He sees seasmoke by the seashore

FRIENDSHIP HAH-B'H was a gaggle of seasmoke when I drove around the point this morning. I don't need to drive around the point, as I have no errands there, but I do after each trip to the post office, and if I ever come straight home it will be the first time. I consider the almost-daily visit my official no-charge inspection as a community service, and also an obligation to myself in the manner of Housman's going forth to see the cherries hung with snow.

A short lifetime may be well lived, but it takes longer to do our harbor justice. Tidy at moorings is our lobster fleet, except for boats now ``out to haul,'' and except for a few that may be coming in or going out. In the winter no ``summer mahogany'' interferes. The point has a loop road, so I can go either way and come home again, and with caution I can ride and look without maiming more than a few folks at a time (in the summer, people are in shorts and the middle of the road), and many's the day I don't run over anybody. Today was cold, sunny-bright.

Seasmoke is the vapor that rises when the water is warmer than the air, and this happens rarely at Friendship. Today was a beauty for it. Yesterday afternoon our air temperature was over 40 degrees F., and Sim Simmons asked me what I thought of the heat wave. I told him I thought ha-ha, and at just about that moment the air stirred and what had been SSE veered enough so Sim waggled his head as if dislodging a moosefly from his ear. Sim said, ``Seasmoke tomorrow.''

That was a forecast from an expert. During the night the thermometer did a slam-dunk in the style of a dull thud, and at breakfast time it was down to minus 20 degrees - the coldest here in many a year. So I knew what to look for after I dropped my letters off and started around the point. The ``chill factor'' has come into our language since I first started bragging about Maine weather. We always felt that -20 degrees was good enough and no need to improve on it. But then the weathermen began computing the wind chill, and we learned that -20 degrees is a variable from -20 degrees in flat calm to maybe -80 degrees if the Montreal Express is clipping off 35 knots.

So besides the dull thud, we were having a wind sharp and keen, and in front of the post office two men were holding on one man's hat. Some of the wind had subsided with daybreak, but we were still getting enough so a couple of boys at the shore were tossing snowballs on Monhegan Island, 10 miles to sea. The harbor was spectacular. The hulls of the lobster fleet were ghostly in the seasmoke, their houses and masts in the clear. The wind was dancing the vapor toward Long Island and toward Garrison Island, and then through the cut toward the open sea.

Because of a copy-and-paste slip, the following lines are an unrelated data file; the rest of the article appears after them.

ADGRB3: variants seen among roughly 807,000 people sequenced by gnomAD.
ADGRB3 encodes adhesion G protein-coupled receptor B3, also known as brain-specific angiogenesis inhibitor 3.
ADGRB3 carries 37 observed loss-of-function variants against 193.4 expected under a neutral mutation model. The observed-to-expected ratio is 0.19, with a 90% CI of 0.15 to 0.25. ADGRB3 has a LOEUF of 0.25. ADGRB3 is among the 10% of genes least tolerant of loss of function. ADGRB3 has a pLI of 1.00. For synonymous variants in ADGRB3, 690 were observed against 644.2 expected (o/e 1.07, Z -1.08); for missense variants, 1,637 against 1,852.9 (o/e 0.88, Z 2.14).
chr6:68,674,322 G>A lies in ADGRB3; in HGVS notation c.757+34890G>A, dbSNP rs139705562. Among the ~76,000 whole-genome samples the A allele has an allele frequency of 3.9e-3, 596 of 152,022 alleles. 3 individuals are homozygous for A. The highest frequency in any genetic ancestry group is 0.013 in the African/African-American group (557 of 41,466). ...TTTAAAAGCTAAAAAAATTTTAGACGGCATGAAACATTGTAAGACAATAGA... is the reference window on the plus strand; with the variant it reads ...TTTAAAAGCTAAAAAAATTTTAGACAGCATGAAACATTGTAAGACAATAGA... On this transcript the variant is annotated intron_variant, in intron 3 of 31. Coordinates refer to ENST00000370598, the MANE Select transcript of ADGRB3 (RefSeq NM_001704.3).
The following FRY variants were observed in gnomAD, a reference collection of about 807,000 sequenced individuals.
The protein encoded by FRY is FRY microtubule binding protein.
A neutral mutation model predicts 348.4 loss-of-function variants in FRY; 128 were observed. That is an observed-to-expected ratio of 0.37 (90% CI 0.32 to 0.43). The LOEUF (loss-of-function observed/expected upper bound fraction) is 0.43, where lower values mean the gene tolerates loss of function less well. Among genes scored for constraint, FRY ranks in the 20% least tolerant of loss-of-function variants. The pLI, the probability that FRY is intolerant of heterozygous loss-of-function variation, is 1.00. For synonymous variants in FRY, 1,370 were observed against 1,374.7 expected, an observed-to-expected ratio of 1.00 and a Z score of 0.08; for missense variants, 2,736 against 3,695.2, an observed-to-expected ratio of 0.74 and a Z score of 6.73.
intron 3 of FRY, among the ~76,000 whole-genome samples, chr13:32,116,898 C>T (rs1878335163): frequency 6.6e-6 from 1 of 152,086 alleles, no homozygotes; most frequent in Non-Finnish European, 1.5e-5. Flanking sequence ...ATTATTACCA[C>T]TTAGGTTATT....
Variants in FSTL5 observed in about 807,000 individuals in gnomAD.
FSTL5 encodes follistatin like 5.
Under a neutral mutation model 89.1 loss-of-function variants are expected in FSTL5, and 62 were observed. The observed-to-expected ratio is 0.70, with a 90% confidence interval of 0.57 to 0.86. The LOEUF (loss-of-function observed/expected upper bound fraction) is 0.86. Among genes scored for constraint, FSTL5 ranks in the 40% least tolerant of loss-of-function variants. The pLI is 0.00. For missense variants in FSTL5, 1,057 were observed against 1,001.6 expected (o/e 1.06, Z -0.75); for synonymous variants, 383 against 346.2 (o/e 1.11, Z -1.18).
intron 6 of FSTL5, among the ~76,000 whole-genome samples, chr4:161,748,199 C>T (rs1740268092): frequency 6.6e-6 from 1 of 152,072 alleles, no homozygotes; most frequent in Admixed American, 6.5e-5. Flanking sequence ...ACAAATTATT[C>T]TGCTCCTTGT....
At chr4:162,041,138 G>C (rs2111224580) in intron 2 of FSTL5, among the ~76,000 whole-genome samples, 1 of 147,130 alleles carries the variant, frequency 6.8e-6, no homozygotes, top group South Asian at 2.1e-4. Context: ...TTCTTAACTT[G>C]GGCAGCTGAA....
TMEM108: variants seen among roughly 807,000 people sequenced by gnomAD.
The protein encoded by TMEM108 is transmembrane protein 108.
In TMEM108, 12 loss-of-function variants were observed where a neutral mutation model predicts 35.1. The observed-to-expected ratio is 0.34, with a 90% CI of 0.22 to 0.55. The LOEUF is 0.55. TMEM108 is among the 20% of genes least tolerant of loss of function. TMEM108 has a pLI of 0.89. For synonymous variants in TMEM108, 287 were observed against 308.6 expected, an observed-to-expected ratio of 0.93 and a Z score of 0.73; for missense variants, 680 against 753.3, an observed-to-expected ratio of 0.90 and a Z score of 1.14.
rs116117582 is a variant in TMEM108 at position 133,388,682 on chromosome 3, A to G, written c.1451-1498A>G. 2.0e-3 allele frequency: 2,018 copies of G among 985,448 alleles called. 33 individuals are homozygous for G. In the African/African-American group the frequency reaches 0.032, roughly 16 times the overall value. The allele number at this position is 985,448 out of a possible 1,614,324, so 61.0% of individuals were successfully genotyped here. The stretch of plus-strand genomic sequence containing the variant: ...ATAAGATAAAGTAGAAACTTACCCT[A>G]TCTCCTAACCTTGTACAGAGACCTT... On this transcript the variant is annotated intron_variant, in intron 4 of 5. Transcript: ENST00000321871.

Seasmoke can be a menace. The vapor will freeze on hulls and rigging of boats until they'll capsize. On the bank, men need to chip the ice or hose it down with steam. Our lobstercatchers, who do day-trip fishing, may not go down the bay in seasmoke, but they'll need to keep an eye on their moored boats to check the ice. And today would cause anxiety on that score.

Wisps and waves, like steam from a million teakettles, made Garrison Island truly enchanted, as if in a mystic moor where the Lady of the Lake might hand up some swords. Seasmoke is eerie, suggesting vapors from Virgil's Avernus or the dread fumes escaping at the gate as Dante led Aeneas through. At -20 degrees, it's hard to picture a murky morning along the mire of the Slough of Despond, but you get the idea. Fuzzy; elusive. Ground fog asea, cottony and feather-floaty, wiggly and writhing.

Friendship Hah-b'h does freeze over, but not every winter. If a cold snap sustains itself, ice can form clear down amongst the islands, but some years we get just a skim that seals in the boats for a few days, often not secure enough so a man can walk out to check his boat. My friend, Harold Jameson, found that out one winter - when his teeth stopped chattering in August, he said it was sure some old cold down under.

This morning the cold snap promised to sustain itself, and I thought to myself that the harbor would probably ice over. The thermometer didn't rise above zero, and some of the weatherwise lobstermen said that the seasmoke would not linger into tomorrow - it doesn't rise from ice. But they also said that things would break in a day or so and the ice wouldn't stay long. ``Come Tuesday,'' said Sim, ``prolly rain.'' For the moment, we had a beautiful seasmoke day at Friendship Hah-b'h, and it's a shame so many good folks missed it.

News flash, next day: Ice did form. Enough so somebody, now being sought by the police, came over it in stealth and ``touched up'' (stole) 10 crates of lobsters from Bernie's wharf. A crate goes for about $5,000, dockside. In the eyes of the beholder....

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